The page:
[ Back | Home ]
[Cite as Zallner v. State, 15 Tex. App., 23 (1883).]
1. Carrying Weapons--Indictment.--Under the provisions of the Revised Code upon this subject, it is unnecessary that an indictment should allege more than that the defendant did unlawfully carry upon his person, etc., the forbidden weapon. Under former laws the exceptions were contained in the enacting clause, and it was then requisite that each exception should be substantially negatived; but even then it was not necessary for the State to prove these negative averments, they being exclusively matters of defense.
2. Same.--The defendant set up the exception named in article 319 of the Penal Code, i.e., that the weapon was carried "upon his own premises." The proof was that the premises were in the possession of a tenant of defendant under an unexpired lease, and the lease contained no reservation authorizing the proprietor (the defendant) to enter upon the premises. Held, that the defense was untenable. (See the opinion in extenso on the question.)
Appeal from the County Court of Rockwall. Tried below before the Hon. E. C. Heath, County Judge.(p.24)
A fine of twenty-five dollars was assessed against the appellant for unlawfully carrying a pistol on his person. The opinion sufficiently discloses the case.
Wood & Charlton, for the appellant.
J. H. Burts, Assistant Attorney General, for the State.
White, Presiding Judge. In this case two grounds are urged in the motion in arrest of judgment: First, the judgment is not supported by law; and second, the information is insufficient, because it fails to negative the exceptions contained in Article 319 of the Penal Code, with reference to "unlawfully carrying arms."
With regard to the second ground, it was said in Lewis v. The State, 7 Texas Court of Appeals, 567, "under the provisions of our present Penal Code, regulating the keeping and bearing of deadly weapons, it is unnecessary, in an indictment, to allege more than that defendant did unlawfully carry upon his person, etc., the forbidden weapon. Under former laws the exceptions were contained in the enacting clause, and it was requisite that each should be substantially negatived. It was never necessary to prove these negative averments, they being always held as matters of defense" (citing authorities.)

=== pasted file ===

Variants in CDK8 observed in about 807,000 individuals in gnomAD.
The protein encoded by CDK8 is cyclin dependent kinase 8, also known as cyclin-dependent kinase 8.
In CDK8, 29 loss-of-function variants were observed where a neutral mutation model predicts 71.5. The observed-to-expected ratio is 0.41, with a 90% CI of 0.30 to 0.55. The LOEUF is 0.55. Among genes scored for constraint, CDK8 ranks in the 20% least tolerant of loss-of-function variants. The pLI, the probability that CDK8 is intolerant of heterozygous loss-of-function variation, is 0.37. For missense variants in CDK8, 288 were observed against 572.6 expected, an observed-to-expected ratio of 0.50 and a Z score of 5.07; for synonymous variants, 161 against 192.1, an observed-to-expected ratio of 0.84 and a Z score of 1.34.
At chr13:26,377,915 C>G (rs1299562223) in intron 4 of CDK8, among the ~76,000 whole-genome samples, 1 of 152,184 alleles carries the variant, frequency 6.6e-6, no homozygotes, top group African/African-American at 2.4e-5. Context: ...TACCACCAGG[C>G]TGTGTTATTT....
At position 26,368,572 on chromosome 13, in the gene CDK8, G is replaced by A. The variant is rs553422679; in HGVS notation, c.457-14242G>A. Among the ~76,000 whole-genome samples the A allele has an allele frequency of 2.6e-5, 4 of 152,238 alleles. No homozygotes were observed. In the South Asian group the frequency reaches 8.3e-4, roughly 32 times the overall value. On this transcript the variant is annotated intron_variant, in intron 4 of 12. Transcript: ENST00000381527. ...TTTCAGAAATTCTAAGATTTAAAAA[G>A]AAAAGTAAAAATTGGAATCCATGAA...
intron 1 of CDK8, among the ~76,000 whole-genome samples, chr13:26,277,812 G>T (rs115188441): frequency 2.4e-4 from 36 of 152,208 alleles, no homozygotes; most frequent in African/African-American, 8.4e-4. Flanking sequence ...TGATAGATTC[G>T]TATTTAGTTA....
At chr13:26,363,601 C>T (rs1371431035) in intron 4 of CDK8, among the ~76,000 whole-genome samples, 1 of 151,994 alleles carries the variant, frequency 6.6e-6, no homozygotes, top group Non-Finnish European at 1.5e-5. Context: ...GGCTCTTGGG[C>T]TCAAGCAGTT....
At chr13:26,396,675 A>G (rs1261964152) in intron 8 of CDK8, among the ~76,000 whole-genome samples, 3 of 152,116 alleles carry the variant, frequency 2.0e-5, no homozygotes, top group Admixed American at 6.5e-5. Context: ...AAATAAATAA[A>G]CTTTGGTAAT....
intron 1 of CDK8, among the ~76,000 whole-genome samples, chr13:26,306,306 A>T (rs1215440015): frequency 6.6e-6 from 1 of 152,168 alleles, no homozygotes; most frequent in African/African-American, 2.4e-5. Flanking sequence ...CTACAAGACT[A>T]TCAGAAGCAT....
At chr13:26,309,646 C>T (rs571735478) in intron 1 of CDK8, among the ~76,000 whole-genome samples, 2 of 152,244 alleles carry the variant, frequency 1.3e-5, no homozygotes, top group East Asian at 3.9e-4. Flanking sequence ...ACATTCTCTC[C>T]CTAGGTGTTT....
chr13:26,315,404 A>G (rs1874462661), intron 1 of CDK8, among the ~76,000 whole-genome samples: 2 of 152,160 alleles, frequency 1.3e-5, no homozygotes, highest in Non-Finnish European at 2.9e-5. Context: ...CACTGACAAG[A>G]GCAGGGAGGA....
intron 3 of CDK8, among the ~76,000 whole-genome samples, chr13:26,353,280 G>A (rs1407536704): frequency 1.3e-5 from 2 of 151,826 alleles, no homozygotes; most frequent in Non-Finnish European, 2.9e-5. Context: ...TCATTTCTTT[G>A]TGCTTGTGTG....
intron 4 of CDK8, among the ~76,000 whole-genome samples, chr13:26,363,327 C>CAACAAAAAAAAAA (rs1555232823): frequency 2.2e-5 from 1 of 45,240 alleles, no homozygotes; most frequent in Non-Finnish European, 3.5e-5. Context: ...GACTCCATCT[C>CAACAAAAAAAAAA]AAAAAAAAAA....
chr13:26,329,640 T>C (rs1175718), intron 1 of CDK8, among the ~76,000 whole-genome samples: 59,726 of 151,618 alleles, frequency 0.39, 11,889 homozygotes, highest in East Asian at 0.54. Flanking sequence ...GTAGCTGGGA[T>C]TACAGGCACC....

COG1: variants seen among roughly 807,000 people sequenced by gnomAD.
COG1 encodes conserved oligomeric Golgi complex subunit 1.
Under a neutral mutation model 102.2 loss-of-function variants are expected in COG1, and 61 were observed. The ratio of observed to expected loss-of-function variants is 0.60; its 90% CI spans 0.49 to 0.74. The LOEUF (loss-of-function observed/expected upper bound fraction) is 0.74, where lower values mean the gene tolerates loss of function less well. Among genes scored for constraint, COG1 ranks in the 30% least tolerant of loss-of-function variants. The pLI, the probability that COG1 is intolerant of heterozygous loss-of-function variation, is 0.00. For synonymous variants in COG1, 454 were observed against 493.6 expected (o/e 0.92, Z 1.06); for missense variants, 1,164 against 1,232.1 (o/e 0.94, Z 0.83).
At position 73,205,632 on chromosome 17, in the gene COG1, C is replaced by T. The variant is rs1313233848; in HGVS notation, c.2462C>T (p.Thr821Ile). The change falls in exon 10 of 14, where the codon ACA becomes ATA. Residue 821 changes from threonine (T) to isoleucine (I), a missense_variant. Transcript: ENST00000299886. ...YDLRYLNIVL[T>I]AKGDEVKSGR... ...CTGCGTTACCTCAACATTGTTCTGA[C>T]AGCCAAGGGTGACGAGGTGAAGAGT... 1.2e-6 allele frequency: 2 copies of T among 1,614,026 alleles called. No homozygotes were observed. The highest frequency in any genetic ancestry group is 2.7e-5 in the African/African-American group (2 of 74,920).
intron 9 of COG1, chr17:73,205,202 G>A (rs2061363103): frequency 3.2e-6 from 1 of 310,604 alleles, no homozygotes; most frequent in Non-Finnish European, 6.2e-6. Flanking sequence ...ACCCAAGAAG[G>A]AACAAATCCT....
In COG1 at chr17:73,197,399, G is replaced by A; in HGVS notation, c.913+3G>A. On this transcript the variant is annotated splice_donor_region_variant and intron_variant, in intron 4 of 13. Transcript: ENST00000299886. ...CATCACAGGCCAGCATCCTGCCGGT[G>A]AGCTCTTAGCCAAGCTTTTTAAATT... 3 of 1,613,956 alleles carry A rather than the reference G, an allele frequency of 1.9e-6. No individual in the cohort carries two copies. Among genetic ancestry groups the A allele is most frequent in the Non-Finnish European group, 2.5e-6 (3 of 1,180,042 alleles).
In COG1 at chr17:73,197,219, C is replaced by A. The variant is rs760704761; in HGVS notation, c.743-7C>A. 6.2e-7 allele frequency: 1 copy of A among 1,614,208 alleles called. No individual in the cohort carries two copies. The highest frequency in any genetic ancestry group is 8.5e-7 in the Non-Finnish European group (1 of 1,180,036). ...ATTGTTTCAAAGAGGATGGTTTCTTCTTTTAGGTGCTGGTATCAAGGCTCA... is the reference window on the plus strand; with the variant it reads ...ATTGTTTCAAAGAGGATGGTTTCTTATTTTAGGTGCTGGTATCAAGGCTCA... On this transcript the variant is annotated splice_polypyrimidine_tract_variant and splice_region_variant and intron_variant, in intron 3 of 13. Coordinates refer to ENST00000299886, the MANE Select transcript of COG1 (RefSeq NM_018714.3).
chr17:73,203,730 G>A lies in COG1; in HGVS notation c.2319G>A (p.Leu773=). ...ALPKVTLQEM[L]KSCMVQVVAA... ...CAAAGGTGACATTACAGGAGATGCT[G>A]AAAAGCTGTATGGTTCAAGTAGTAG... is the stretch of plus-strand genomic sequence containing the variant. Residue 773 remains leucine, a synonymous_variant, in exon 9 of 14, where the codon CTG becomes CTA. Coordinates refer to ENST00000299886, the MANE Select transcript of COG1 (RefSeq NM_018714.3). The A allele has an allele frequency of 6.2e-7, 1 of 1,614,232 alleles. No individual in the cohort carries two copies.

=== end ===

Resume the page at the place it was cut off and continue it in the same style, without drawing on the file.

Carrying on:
As to the first proposition, viz., that the judgment is not supported by law, the facts in substance were, that appellant, at the time he was charged with carrying the weapon unlawfully, was so carrying it upon land owned and belonging to himself and brother, but which they had leased to a tenant, and it was in possession of the tenant. The theory of the defense was that the land being his own, it was no violation of law for defendant to carry, or be found carrying, a weapon "upon his own premises," the right to do so being reserved to him by the exception contained in Article 319 of the Penal Code.
It appears from the evidence that he had leased the premises for a year, and the lease, which was in writing, is set forth in the statement of facts. We find in it no reservation which gave him the right, during the term, to enter at will upon the rented premises and use them as he would his own. In the absence of such a reservation, the general rules as to the rights of landlord and tenant would obtain. These are succinctly stated by Mr. Wood, in his standard work on Landlord and Tenant. At section 538, he says: "As has been previously stated, when the (p.25)tenant enters into possession of the premises under a lease, the landlord, during the term, parts with all his right of control over the same, except as to injuries affecting his reversionary interests. He has no more right to enter upon the premises, except so far as he has reserved that right in the lease, than a stranger to the title, even though he has covenanted to repair; and if he enters without license from the tenant, he is liable in trespass therefor. * * * The tenant, during the term, is invested with all the right of control over the premises that the landlord himself would possess. * * * The landlord's rights as to possession are suspended from the time when the tenant takes possession under his lease, and no right of entry on his part is implied for any purpose, unless specially reserved," etc. In principle, this same rule was held in Brumley v. The State, 12 Texas Court of Appeals, 609, where the doctrine announced was that "a tenant in possession of leased premises is the owner thereof, until the expiration of the lease," etc.; and there is nothing in Bell's case, 7 Texas Court of Appeals, 25, which is contradictory of, or militates against, the doctrine.
In this view of the law of the case, we can perceive no error in the action of the court on appellant's application for a continuance, nor in admitting the evidence to which the bills of exception were reserved. There being no error, the judgment is affirmed.
Opinion delivered November 7, 1883.